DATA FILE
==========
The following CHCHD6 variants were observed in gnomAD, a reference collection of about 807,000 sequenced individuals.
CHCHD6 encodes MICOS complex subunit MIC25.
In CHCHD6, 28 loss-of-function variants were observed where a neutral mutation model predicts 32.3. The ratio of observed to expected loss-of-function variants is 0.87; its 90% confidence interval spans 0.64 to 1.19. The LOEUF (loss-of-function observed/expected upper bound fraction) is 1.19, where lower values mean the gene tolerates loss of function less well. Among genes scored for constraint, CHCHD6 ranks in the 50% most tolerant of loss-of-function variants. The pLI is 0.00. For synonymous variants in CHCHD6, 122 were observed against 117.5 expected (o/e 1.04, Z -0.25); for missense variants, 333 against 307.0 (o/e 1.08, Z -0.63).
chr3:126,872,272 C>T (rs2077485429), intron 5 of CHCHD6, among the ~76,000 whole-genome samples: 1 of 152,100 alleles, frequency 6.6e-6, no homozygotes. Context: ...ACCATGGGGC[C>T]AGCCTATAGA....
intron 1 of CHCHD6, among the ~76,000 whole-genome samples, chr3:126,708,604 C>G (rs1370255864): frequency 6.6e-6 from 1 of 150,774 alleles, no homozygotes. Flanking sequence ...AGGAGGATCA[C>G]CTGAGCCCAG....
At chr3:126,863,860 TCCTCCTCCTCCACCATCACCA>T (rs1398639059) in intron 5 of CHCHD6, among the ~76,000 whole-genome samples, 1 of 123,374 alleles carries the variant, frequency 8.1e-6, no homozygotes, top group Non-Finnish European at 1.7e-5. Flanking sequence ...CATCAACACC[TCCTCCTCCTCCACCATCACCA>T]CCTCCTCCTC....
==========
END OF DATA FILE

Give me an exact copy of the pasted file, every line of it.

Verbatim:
The following CHCHD6 variants were observed in gnomAD, a reference collection of about 807,000 sequenced individuals.
CHCHD6 encodes MICOS complex subunit MIC25.
In CHCHD6, 28 loss-of-function variants were observed where a neutral mutation model predicts 32.3. The ratio of observed to expected loss-of-function variants is 0.87; its 90% confidence interval spans 0.64 to 1.19. The LOEUF (loss-of-function observed/expected upper bound fraction) is 1.19, where lower values mean the gene tolerates loss of function less well. Among genes scored for constraint, CHCHD6 ranks in the 50% most tolerant of loss-of-function variants. The pLI is 0.00. For synonymous variants in CHCHD6, 122 were observed against 117.5 expected (o/e 1.04, Z -0.25); for missense variants, 333 against 307.0 (o/e 1.08, Z -0.63).
chr3:126,872,272 C>T (rs2077485429), intron 5 of CHCHD6, among the ~76,000 whole-genome samples: 1 of 152,100 alleles, frequency 6.6e-6, no homozygotes. Context: ...ACCATGGGGC[C>T]AGCCTATAGA....
intron 1 of CHCHD6, among the ~76,000 whole-genome samples, chr3:126,708,604 C>G (rs1370255864): frequency 6.6e-6 from 1 of 150,774 alleles, no homozygotes. Flanking sequence ...AGGAGGATCA[C>G]CTGAGCCCAG....
At chr3:126,863,860 TCCTCCTCCTCCACCATCACCA>T (rs1398639059) in intron 5 of CHCHD6, among the ~76,000 whole-genome samples, 1 of 123,374 alleles carries the variant, frequency 8.1e-6, no homozygotes, top group Non-Finnish European at 1.7e-5. Flanking sequence ...CATCAACACC[TCCTCCTCCTCCACCATCACCA>T]CCTCCTCCTC....